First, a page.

Posted May 2 2010 7:25PM
NEW YORK -- LeBron James of the Cleveland Cavaliers is the winner of the Maurice Podoloff Trophy as the 2009-10 NBA Most Valuable Player presented by Kia Motors, the NBA announced today.
James, who also earned the honor last season, totaled 1,205 points including 116 first place votes, from a panel of 122 sportswriters and broadcasters throughout the United States and Canada and the first ever NBA MVP fan vote. Players were awarded 10 points for each first-place vote, seven points for each second-place vote, five for third, three for fourth and one for each fifth-place vote received.
Rounding out the top five in voting for this season's award are Oklahoma City's Kevin Durant (609 points), the Los Angeles Lakers' Kobe Bryant (599 points), Orlando's Dwight Howard (478) and Miami's Dwyane Wade (119).
For the first time, the NBA and Kia Motors America gave fans the opportunity to help determine the winner of the MVP award. Fans were able to submit their votes by ranking their top five choices through a dedicated Web page on NBA.com. The fan vote counted as one vote and was compiled with the 122 media votes to determine the winner.
As part of its support of the Most Valuable Player Award, Kia Motors America will donate an all-new 2011 Kia Sorento crossover utility vehicle
(CUV) on behalf of James to the SUMMA Foundation, which is located in Akron and supports patient care, medical education and research through philanthropy. Kia Motors presented a new Sorento, the Official Vehicle of the NBA, to the charity of choice of each of four 2009-10 season-end award winners as part of "The NBA Performance Awards Presented by Kia Motors."
Including this award, Kia Motors has now donated 12 new vehicles to charity since the program began in 2008.
James, the only Cavalier to ever win the award, was second in the NBA in scoring (29.7 ppg) and averaged 8.6 assists, 7.3 rebounds, 1.6 steals and 1.0 block, leading Cleveland to an NBA-best 61-21 regular season record.
James' 8.6 assists broke the record for highest assist per game average by a forward in NBA history (Larry Bird, 7.6 apg, 1986-87). The 6'8" forward led the league in scoring on the road (31.0 ppg), helping Cleveland tie the NBA's second-best road record at 26-15 (Boston).
In the 76 regular season games he played this year, James amassed 2,258 points, 651 assists and 554 rebounds, becoming just the third player (seventh time) to have more than 2,250 points, 650 assists and 550 rebounds in a season (Oscar Robertson, five times, 1961-66; Michael Jordan, 1988-89). He scored at least 20 points in the second half of 19 games (most in NBA) and recorded a league-leading 27 games with 10 or more points in the fourth quarter.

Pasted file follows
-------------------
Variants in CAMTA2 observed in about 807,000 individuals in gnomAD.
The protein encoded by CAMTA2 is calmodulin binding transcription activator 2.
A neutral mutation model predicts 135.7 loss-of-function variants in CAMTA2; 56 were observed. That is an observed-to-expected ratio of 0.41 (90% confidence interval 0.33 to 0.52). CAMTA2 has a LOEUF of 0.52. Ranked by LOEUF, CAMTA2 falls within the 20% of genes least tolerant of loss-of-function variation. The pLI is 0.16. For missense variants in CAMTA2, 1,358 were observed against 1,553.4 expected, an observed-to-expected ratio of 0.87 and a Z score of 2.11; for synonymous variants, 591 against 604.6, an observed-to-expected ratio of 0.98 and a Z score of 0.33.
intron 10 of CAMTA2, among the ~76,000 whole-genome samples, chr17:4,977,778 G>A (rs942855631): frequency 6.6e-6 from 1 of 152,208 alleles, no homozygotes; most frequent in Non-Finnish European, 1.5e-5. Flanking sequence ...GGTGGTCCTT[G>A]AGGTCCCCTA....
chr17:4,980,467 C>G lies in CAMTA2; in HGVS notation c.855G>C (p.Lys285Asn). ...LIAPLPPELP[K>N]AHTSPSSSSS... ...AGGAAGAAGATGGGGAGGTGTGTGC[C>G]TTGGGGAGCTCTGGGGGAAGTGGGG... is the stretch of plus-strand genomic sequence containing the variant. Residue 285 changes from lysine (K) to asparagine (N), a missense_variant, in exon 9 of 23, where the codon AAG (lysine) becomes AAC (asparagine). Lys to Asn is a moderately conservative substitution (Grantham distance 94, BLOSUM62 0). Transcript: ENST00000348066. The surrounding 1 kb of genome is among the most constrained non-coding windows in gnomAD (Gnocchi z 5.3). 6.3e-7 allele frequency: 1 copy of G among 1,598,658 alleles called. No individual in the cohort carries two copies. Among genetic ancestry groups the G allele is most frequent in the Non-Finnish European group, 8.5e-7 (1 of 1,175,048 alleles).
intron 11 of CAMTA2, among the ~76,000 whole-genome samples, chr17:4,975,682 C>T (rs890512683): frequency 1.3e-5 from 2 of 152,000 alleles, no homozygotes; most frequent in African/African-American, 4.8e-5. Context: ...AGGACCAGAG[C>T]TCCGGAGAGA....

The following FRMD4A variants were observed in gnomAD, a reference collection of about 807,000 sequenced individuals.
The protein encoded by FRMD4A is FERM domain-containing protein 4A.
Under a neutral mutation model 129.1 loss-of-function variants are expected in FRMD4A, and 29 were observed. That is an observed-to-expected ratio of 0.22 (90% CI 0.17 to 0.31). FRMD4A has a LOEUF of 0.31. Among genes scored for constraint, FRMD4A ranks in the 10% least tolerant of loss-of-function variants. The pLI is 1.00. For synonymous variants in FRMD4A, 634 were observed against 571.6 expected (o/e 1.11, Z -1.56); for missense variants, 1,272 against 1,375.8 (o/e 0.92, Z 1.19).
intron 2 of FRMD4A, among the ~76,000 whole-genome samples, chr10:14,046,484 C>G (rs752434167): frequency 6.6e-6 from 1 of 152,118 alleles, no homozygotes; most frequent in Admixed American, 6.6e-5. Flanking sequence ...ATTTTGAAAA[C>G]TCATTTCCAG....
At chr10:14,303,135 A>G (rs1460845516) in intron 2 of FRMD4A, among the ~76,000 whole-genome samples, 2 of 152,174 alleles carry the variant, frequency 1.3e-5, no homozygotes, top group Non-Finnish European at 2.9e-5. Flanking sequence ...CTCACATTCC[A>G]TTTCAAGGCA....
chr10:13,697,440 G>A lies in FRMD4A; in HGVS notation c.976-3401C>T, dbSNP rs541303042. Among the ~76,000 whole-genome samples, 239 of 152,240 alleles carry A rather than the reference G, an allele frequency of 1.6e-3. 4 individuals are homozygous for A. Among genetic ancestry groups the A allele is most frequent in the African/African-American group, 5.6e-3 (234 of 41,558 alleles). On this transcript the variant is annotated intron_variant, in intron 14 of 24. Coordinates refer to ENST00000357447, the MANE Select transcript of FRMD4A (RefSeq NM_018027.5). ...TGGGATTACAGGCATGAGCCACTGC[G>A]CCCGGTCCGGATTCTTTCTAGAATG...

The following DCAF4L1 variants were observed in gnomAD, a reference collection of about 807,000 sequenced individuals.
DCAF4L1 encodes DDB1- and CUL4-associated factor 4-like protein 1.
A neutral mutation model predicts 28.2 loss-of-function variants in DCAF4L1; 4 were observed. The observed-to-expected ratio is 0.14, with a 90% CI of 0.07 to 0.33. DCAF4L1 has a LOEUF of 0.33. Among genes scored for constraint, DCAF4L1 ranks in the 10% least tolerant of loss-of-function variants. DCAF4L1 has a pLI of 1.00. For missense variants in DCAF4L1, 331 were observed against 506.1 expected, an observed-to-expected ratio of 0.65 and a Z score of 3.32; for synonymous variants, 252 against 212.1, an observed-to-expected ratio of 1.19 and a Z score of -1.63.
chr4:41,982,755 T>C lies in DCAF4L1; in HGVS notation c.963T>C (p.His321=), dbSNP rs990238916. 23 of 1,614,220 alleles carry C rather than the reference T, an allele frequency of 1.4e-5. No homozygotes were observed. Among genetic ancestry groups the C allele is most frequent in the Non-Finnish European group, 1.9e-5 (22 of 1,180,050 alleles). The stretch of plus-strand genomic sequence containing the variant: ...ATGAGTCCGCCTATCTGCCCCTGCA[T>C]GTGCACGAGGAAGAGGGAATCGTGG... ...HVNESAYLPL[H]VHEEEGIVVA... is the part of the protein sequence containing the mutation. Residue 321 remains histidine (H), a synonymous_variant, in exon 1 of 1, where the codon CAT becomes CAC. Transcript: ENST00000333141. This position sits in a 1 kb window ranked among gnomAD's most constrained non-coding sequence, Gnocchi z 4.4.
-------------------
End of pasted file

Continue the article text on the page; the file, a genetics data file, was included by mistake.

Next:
In his seventh season, James was named Eastern Conference Player of the Month four consecutive times (Nov.-Feb.), the second consecutive season he won the award on four occasions. James was also named Eastern Conference Player of the Week six times (Nov. 23; Dec. 28; Jan 11, 25; Feb. 8; March 1).
The NBA MVP trophy is named in honor of the late Maurice Podoloff, the first commissioner of the NBA who served from 1946 until his retirement in 1963.
The 2009-10 NBA Most Valuable Player Award presented by Kia Motors is part of a series of on court performance awards called "The NBA Performance Awards Presented by Kia Motors." The series, currently in its third season, is a significant part of the multiyear marketing partnership between Kia Motors America and the NBA, and also includes the Most Improved Player, Defensive Player and Sixth Man of the Year awards, along with the Eastern and Western Conference Players of the Month. For more information on the "The NBA Performance Awards Presented by Kia Motors" visit www.NBA.com/performanceawards.
|2010 NBA Most Valuable Player Voting|
|(Voting is on a 10-7-5-3-1 basis)|
All-Time MVP Winners
Season - Player, Team
1955-56 - Bob Pettit, St. Louis
1956-57 - Bob Cousy, Boston
1957-58 - Bill Russell, Boston
1958-59 - Bob Pettit, St. Louis
1959-60 - Wilt Chamberlain, Philadelphia
1960-61 - Bill Russell, Boston
1961-62 - Bill Russell, Boston
1962-63 - Bill Russell, Boston
1963-64 - Oscar Robertson, Cincinnati
1964-65 - Bill Russell, Boston
1965-66 - Wilt Chamberlain, Philadelphia
1966-67 - Wilt Chamberlain, Philadelphia
1967-68 - Wilt Chamberlain, Philadelphia
1968-69 - Wes Unseld, Baltimore
1969-70 - Willis Reed, New York
1970-71 - Kareem Abdul-Jabbar, Milwaukee
1971-72 - Kareem Abdul-Jabbar, Milwaukee
1972-73 - Dave Cowens, Boston
1973-74 - Kareem Abdul-Jabbar, Milwaukee
1974-75 - Bob McAdoo, Buffalo
1975-76 - Kareem Abdul-Jabbar, Los Angeles
1976-77 - Kareem Abdul-Jabbar, Los Angeles
1977-78 - Bill Walton, Portland
1978-79 - Moses Malone, Houston
1979-80 - Kareem Abdul-Jabbar, Los Angeles
1980-81 - Julius Erving, Philadelphia
1981-82 - Moses Malone, Houston
1982-83 - Moses Malone, Philadelphia
1983-84 - Larry Bird, Boston
1984-85 - Larry Bird, Boston
1985-86 - Larry Bird, Boston
1986-87 - Magic Johnson, L.A. Lakers
1987-88 - Michael Jordan, Chicago
1988-89 - Magic Johnson, L.A. Lakers
1989-90 - Magic Johnson, L.A. Lakers
1990-91 - Michael Jordan, Chicago
1991-92 - Michael Jordan, Chicago
1992-93 - Charles Barkley, Phoenix
1993-94 - Hakeem Olajuwon, Houston
1994-95 - David Robinson, San Antonio
1995-96 - Michael Jordan, Chicago
1996-97 - Karl Malone, Utah
1997-98 - Michael Jordan, Chicago
1998-99 - Karl Malone, Utah
1999-00 - Shaquille O'Neal, L.A. Lakers
2000-01 - Allen Iverson, Philadelphia
2001-02 - Tim Duncan, San Antonio
2002-03 - Tim Duncan, San Antonio
2003-04 - Kevin Garnett, Minnesota
2004-05 - Steve Nash, Phoenix
2005-06 - Steve Nash, Phoenix
2006-07 - Dirk Nowitzki, Dallas
2007-08 - Kobe Bryant, L.A. Lakers
2008-09 - LeBron James, Cleveland
2009-10 - LeBron James, Cleveland
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